A week in books

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Publishing hype has led to the mistaken belief that having your novel hit the shelves is, inevitably, a glitzy experience. Acquaintances angle for invites to the launch party, secure in the conviction that fish- eggs, fizz and gathered media are as automatic for novels by unknowns as they are for comedians, politicians and supermodels. Reviews are, ditto, considered an inevitable consequence. Imagination paints a dinner-jacketed, black-frocked rush to the news-stands; life thereafter, a corpulent round of interviews. It's a Broadway Melody scenario that has little resemblance to reality.

Back in reality, publication day is a crossing-the-Equator sort of event which, in the absence of all evidence, must be taken on trust. When hardback precedes paperback, gratified friends inform you that, though they've looked for the novel everywhere, they haven't seen a single copy in the bookshops. At such times, novelists frequently experience atavistic desires for a visible token of their state. An "I've Had A Novel Published" badge, perhaps, like the one that once said "I Am Five."

Only the chosen few get to pontificate to Melvyn Bragg. More likely is a spot on Radio Burgess Hill - "late nite music and chat to take us into Monday morning" - as the DJ asks questions inspired by a press-release. Or maybe, several weeks after the event, a "Carshalton Girl Is On The Cover" article appears in the local paper, playing up the parochial aspect at the expense of all other angles. There is a signing session, perhaps, at a small bookshop in a nearby town - two hours, with a coffee and Rich Tea at a table unwisely placed in the way of the Romance shelf. Passing customers occasionally remark that they have a wonderful idea for a novel themselves, which they'd put on paper if only they had the time. Your father drops in and buys a copy. So does your sister. You sign them.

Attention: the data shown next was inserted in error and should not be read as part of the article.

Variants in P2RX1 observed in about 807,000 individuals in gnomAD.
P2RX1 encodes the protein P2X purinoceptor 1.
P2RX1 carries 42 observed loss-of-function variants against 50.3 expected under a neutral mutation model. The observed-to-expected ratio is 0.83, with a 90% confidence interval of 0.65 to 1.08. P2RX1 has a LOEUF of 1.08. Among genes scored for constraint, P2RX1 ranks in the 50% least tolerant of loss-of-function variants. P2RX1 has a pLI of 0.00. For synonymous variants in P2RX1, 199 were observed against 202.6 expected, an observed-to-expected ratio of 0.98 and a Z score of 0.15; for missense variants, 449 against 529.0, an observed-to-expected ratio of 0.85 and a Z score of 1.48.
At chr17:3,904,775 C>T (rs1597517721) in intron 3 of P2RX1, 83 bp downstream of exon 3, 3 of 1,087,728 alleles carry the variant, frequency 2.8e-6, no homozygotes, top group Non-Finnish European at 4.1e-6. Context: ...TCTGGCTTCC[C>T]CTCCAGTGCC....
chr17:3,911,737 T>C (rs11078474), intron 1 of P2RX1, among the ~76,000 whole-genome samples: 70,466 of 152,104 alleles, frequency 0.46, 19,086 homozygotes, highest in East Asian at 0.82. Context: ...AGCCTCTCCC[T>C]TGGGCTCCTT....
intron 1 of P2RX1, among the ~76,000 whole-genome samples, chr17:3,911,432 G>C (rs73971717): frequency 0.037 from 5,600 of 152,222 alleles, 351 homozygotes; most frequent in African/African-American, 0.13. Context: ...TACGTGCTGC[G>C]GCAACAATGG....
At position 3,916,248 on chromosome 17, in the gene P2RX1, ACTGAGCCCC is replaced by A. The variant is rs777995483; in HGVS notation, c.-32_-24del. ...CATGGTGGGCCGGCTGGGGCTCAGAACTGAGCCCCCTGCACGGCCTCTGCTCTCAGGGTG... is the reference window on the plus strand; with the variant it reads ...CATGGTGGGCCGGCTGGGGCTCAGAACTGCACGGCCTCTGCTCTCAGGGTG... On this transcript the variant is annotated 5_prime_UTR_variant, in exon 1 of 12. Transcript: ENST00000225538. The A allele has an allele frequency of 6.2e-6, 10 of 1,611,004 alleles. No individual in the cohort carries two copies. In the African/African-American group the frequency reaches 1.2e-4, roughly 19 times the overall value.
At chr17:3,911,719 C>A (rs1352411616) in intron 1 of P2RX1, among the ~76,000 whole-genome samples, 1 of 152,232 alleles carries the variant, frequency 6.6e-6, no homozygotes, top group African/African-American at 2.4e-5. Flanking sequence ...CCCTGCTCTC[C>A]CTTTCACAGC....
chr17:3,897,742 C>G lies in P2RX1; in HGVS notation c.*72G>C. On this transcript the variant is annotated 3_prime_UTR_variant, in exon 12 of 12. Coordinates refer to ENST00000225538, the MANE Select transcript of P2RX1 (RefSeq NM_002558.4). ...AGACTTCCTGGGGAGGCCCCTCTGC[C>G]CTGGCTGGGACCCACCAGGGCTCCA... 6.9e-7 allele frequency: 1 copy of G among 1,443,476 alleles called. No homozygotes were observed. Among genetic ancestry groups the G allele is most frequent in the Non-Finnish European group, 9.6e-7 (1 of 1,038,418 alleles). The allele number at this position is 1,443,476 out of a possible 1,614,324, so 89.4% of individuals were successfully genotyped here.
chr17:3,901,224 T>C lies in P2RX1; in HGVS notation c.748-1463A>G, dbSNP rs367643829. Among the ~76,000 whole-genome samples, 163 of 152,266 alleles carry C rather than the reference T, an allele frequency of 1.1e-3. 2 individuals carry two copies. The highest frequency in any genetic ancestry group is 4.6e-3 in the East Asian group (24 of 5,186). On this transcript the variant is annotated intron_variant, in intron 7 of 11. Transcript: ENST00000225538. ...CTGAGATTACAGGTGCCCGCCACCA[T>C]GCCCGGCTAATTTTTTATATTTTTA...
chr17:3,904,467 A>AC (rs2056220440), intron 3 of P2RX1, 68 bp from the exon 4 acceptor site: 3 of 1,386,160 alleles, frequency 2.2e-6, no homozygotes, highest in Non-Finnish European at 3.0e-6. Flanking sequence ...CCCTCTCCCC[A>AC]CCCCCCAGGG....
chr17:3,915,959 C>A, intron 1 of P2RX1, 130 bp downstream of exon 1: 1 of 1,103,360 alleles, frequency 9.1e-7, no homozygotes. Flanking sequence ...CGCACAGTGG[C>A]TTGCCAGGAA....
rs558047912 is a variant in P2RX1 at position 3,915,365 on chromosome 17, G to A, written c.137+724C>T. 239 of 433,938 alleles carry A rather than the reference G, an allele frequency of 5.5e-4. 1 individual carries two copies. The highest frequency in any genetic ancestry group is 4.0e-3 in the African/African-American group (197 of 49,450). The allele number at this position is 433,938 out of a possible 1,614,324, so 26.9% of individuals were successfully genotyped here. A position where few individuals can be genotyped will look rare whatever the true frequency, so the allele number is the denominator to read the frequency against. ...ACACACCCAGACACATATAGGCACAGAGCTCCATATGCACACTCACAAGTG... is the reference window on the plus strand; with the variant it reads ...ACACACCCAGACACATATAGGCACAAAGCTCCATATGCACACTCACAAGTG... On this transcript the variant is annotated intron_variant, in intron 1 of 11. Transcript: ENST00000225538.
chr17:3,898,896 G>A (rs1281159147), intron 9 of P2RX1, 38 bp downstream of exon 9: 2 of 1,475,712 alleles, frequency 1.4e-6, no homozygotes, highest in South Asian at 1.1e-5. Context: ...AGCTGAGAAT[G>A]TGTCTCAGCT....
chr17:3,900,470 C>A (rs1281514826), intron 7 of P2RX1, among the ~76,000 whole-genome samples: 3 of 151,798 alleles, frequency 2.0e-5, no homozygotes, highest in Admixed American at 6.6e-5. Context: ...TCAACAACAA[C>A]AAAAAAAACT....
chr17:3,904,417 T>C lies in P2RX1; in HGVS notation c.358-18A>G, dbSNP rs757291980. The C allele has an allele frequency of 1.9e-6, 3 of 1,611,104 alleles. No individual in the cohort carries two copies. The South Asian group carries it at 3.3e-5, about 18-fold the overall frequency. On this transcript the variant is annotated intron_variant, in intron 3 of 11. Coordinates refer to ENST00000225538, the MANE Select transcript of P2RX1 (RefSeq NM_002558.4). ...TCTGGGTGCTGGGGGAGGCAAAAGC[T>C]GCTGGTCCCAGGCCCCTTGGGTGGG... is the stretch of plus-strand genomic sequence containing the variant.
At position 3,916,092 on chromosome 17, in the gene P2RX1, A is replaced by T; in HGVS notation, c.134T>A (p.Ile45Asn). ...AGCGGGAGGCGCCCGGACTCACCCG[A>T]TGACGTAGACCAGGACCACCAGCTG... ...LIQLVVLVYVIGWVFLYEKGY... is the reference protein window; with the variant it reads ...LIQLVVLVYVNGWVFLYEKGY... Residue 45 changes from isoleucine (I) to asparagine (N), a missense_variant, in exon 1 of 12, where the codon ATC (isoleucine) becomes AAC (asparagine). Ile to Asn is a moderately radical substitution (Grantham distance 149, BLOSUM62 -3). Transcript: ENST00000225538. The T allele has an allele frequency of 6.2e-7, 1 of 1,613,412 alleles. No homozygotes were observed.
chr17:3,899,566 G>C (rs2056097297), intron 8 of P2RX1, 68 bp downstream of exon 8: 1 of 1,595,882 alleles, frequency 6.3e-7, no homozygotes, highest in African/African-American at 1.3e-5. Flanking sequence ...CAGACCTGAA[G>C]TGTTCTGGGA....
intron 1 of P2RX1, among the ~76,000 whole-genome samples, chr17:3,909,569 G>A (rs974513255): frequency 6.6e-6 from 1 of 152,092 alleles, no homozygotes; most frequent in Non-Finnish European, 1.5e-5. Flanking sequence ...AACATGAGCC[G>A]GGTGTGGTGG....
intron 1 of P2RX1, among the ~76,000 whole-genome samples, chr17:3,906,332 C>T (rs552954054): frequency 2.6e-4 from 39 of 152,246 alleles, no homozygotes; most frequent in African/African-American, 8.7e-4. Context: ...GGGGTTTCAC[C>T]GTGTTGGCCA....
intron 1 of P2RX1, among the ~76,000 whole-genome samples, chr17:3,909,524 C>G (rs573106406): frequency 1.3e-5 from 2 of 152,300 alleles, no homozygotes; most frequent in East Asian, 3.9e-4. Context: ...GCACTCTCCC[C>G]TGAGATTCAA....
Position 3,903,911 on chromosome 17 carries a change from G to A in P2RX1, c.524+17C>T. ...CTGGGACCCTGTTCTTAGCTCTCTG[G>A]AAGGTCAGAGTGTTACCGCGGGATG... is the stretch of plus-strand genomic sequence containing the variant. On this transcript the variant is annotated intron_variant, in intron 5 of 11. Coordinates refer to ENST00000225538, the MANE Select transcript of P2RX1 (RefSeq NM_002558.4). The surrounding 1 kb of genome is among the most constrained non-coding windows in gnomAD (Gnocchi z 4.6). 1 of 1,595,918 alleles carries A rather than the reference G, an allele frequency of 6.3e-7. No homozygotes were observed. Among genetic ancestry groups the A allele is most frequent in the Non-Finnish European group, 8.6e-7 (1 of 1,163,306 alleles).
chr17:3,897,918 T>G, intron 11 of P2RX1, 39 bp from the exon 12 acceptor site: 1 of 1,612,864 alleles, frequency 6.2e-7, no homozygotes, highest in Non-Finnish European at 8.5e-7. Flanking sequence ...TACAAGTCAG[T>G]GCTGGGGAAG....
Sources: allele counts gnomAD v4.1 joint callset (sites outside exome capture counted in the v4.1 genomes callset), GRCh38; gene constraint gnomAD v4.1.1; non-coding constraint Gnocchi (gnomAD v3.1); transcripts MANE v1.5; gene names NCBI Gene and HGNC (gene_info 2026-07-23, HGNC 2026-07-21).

A review still eludes. Those same friends who couldn't find the novel in the shops learn that the slating they so profoundly hoped you wouldn't get would still have been very much better than nothing at all. Eventually, a photocopied inch from the Oldham Evening Chronicle arrives from the press office, along with reassurances that the Chronicle has a sizeable circulation and is well thought of by those in the know. And the contents? Rapture and devastation are both equally inappropriate. In the manner of a horoscope, the review could apply to almost any novel written in the later 20th century. Except for one, terrible adjective. Which rankles.

An aunt phones to say that your book is going down a bomb at the library on the Isle of Skye.

Catherine Feeny's novel 'Musical Chairs' is published in paperback by Sceptre next week